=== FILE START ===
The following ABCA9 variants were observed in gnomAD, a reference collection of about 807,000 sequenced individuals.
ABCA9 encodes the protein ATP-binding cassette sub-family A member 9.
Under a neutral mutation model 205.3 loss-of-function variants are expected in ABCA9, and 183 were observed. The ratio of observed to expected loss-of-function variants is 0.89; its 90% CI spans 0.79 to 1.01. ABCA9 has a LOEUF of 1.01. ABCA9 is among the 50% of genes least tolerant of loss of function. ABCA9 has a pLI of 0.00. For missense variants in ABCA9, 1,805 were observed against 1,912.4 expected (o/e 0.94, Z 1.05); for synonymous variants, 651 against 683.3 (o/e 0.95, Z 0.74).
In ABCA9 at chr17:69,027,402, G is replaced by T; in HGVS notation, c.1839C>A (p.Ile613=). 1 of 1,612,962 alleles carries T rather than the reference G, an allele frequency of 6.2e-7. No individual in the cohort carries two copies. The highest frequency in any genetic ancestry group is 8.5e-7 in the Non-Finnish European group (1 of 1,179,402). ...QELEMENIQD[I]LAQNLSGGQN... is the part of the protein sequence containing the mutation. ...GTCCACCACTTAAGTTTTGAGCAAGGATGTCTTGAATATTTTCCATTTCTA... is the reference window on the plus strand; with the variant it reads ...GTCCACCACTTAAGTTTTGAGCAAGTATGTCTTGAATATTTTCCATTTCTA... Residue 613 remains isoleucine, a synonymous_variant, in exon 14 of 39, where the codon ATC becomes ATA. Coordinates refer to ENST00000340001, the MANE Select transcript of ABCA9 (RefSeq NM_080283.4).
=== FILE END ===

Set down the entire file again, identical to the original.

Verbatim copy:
The following ABCA9 variants were observed in gnomAD, a reference collection of about 807,000 sequenced individuals.
ABCA9 encodes the protein ATP-binding cassette sub-family A member 9.
Under a neutral mutation model 205.3 loss-of-function variants are expected in ABCA9, and 183 were observed. The ratio of observed to expected loss-of-function variants is 0.89; its 90% CI spans 0.79 to 1.01. ABCA9 has a LOEUF of 1.01. ABCA9 is among the 50% of genes least tolerant of loss of function. ABCA9 has a pLI of 0.00. For missense variants in ABCA9, 1,805 were observed against 1,912.4 expected (o/e 0.94, Z 1.05); for synonymous variants, 651 against 683.3 (o/e 0.95, Z 0.74).
In ABCA9 at chr17:69,027,402, G is replaced by T; in HGVS notation, c.1839C>A (p.Ile613=). 1 of 1,612,962 alleles carries T rather than the reference G, an allele frequency of 6.2e-7. No individual in the cohort carries two copies. The highest frequency in any genetic ancestry group is 8.5e-7 in the Non-Finnish European group (1 of 1,179,402). ...QELEMENIQD[I]LAQNLSGGQN... is the part of the protein sequence containing the mutation. ...GTCCACCACTTAAGTTTTGAGCAAGGATGTCTTGAATATTTTCCATTTCTA... is the reference window on the plus strand; with the variant it reads ...GTCCACCACTTAAGTTTTGAGCAAGTATGTCTTGAATATTTTCCATTTCTA... Residue 613 remains isoleucine, a synonymous_variant, in exon 14 of 39, where the codon ATC becomes ATA. Coordinates refer to ENST00000340001, the MANE Select transcript of ABCA9 (RefSeq NM_080283.4).